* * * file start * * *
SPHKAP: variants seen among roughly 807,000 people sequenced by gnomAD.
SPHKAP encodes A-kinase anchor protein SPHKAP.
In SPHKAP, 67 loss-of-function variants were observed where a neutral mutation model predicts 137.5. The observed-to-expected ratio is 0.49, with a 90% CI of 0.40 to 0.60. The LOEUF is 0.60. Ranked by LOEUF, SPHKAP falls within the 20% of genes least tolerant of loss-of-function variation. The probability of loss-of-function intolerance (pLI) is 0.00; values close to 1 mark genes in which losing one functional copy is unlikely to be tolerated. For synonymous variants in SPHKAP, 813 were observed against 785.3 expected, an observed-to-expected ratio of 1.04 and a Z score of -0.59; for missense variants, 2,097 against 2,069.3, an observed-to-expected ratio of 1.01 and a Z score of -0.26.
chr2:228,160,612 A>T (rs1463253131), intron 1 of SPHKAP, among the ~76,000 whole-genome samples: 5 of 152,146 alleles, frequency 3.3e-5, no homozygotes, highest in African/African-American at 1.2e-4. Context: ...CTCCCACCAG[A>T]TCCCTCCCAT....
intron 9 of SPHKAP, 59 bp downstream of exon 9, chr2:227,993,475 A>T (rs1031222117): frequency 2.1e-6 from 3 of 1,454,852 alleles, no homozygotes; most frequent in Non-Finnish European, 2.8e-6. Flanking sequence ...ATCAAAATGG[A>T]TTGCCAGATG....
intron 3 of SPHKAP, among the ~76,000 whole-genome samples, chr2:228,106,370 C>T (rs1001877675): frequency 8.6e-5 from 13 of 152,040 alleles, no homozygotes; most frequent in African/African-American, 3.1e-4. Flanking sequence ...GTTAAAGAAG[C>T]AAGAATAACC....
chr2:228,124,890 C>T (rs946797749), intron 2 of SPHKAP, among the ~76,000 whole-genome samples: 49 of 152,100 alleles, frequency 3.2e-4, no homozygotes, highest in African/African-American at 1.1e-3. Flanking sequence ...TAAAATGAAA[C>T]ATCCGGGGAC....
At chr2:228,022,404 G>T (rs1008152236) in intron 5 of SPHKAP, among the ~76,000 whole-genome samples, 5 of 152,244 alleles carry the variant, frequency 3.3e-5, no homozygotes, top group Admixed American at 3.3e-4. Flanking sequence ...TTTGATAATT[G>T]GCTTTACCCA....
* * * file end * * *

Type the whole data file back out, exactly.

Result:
SPHKAP: variants seen among roughly 807,000 people sequenced by gnomAD.
SPHKAP encodes A-kinase anchor protein SPHKAP.
In SPHKAP, 67 loss-of-function variants were observed where a neutral mutation model predicts 137.5. The observed-to-expected ratio is 0.49, with a 90% CI of 0.40 to 0.60. The LOEUF is 0.60. Ranked by LOEUF, SPHKAP falls within the 20% of genes least tolerant of loss-of-function variation. The probability of loss-of-function intolerance (pLI) is 0.00; values close to 1 mark genes in which losing one functional copy is unlikely to be tolerated. For synonymous variants in SPHKAP, 813 were observed against 785.3 expected, an observed-to-expected ratio of 1.04 and a Z score of -0.59; for missense variants, 2,097 against 2,069.3, an observed-to-expected ratio of 1.01 and a Z score of -0.26.
chr2:228,160,612 A>T (rs1463253131), intron 1 of SPHKAP, among the ~76,000 whole-genome samples: 5 of 152,146 alleles, frequency 3.3e-5, no homozygotes, highest in African/African-American at 1.2e-4. Context: ...CTCCCACCAG[A>T]TCCCTCCCAT....
intron 9 of SPHKAP, 59 bp downstream of exon 9, chr2:227,993,475 A>T (rs1031222117): frequency 2.1e-6 from 3 of 1,454,852 alleles, no homozygotes; most frequent in Non-Finnish European, 2.8e-6. Flanking sequence ...ATCAAAATGG[A>T]TTGCCAGATG....
intron 3 of SPHKAP, among the ~76,000 whole-genome samples, chr2:228,106,370 C>T (rs1001877675): frequency 8.6e-5 from 13 of 152,040 alleles, no homozygotes; most frequent in African/African-American, 3.1e-4. Flanking sequence ...GTTAAAGAAG[C>T]AAGAATAACC....
chr2:228,124,890 C>T (rs946797749), intron 2 of SPHKAP, among the ~76,000 whole-genome samples: 49 of 152,100 alleles, frequency 3.2e-4, no homozygotes, highest in African/African-American at 1.1e-3. Flanking sequence ...TAAAATGAAA[C>T]ATCCGGGGAC....
At chr2:228,022,404 G>T (rs1008152236) in intron 5 of SPHKAP, among the ~76,000 whole-genome samples, 5 of 152,244 alleles carry the variant, frequency 3.3e-5, no homozygotes, top group Admixed American at 3.3e-4. Flanking sequence ...TTTGATAATT[G>T]GCTTTACCCA....